I believe (it's happening)
Solo work performed during festival:display at Weld, June 2013, Stockholm.
In the world of today it is in general looked upon with scepsis to think a rock has the capability to be curious, to ask for help or other human like traits but at the same time we do believe in many other things that we, or other human beings, cannot directly perceive. We are living in a world where there are things that we cannot see, that we cannot see but we know that others can see and things that we suppose to be there but cannot see at this moment, that we accept as part of the modern world of today. That idea led me to the notion of invisible events, things, objects or unverifiable happenings that still are accepted as ’true’; that we ’believe’ in.
I became interested in pinhole projection as a low-tech way of animating a space by allowing outside happenings to enter a room or object. Through the pinhole the world outside is transmitted into a darkened space and projected onto walls, floor and ceiling. Occurrences that are happening at that moment but that we are unable to verify if they actually take place there and then.
The object that will be standing at Weld acts as a camera obscura that is big enough to have an audience inside it and makes it possible to be present at the moment of image creation. The object gets animated by the projection of the subjects that are present in the space around it or by a performer present in the part of the object that is inaccessible for the audience. The pinhole technique transmits the intentional and unintentional choreography that takes place in and outside the object. The performer in the object moves, presents herself but does not have any gaze trained upon her directly nor can she gaze upon the audience.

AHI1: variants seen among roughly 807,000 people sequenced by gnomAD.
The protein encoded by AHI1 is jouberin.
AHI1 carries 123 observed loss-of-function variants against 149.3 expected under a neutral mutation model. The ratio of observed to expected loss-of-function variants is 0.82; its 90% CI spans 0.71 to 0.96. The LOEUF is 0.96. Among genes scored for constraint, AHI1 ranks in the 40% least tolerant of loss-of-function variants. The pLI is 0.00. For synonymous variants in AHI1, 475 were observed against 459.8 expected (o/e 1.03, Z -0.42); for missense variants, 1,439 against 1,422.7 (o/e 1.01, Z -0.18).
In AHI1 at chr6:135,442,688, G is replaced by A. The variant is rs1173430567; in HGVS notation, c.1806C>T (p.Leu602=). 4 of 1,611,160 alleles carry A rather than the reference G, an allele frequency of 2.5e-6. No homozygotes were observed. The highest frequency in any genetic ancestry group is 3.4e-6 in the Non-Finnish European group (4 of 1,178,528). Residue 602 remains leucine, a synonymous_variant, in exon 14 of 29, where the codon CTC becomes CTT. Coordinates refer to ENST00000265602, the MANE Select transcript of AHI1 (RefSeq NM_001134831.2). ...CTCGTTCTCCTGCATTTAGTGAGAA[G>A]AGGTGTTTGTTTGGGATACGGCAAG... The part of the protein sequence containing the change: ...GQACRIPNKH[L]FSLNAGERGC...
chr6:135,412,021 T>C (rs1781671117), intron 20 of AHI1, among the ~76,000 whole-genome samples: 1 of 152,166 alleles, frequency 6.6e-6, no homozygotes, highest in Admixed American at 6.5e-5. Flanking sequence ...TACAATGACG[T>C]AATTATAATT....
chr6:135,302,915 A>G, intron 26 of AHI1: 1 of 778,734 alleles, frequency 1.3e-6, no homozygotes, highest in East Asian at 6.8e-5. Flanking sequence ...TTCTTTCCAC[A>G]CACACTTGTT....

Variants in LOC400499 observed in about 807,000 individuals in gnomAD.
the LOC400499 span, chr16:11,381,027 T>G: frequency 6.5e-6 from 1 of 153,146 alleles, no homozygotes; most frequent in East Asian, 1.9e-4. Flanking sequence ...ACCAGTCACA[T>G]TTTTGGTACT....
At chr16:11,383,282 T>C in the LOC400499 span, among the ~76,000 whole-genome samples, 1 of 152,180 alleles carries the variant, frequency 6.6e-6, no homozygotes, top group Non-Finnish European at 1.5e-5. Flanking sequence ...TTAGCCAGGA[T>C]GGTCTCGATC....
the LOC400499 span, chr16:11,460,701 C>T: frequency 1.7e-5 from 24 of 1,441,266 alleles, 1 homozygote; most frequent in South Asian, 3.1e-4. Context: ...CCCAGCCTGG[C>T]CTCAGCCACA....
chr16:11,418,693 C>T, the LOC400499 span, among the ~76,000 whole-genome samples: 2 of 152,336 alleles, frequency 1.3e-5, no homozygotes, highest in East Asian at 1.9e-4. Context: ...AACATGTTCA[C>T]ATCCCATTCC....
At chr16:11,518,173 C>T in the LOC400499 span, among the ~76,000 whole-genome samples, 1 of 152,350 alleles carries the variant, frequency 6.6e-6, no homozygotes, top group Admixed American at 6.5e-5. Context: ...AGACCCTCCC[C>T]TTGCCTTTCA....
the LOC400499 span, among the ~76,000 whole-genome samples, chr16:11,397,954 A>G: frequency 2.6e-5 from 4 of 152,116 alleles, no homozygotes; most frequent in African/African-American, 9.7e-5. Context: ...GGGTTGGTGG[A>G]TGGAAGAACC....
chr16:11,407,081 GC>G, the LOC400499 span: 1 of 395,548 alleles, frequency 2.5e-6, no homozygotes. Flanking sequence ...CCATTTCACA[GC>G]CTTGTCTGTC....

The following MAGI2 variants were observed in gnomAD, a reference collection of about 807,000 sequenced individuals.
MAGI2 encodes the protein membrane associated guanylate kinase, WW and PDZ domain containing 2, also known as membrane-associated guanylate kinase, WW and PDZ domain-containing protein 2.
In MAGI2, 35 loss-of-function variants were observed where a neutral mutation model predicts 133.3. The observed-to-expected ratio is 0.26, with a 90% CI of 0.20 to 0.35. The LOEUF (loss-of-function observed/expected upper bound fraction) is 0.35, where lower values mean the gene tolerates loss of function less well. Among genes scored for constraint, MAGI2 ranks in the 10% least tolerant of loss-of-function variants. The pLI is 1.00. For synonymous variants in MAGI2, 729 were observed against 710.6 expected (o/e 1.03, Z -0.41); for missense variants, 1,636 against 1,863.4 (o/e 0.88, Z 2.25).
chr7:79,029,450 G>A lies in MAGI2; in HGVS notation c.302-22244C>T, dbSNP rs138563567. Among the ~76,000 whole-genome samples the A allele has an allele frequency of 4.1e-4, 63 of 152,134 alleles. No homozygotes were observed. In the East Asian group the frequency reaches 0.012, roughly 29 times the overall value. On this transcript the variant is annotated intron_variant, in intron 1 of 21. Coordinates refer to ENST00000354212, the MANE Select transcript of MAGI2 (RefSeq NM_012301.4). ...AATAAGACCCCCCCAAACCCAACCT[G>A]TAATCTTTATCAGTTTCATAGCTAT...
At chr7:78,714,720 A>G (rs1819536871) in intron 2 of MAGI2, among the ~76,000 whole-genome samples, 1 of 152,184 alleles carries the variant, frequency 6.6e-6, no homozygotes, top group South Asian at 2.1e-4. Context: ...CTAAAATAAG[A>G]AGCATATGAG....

Subjects become objects or occupy a position that is overlapping the two.
”An object is dead when the living glance trained upon it has disappeared.”
(From the voice- over of ’Statues also die’ by Chris Marker and Alain Resnais).
The camera obscura did not only produce a new form of objectivity, though, but also a new form of subjectivity. The subject is approached as isolated from the objects in the world; it can only relate to representations. In this way the camera obscura served as a model for understanding the human subject: a ‘dark room’ in which representations were generated of an external world.
Peter-Paul Verbeek in Beyond the Human Eye.Technological Mediation and Posthuman Visions.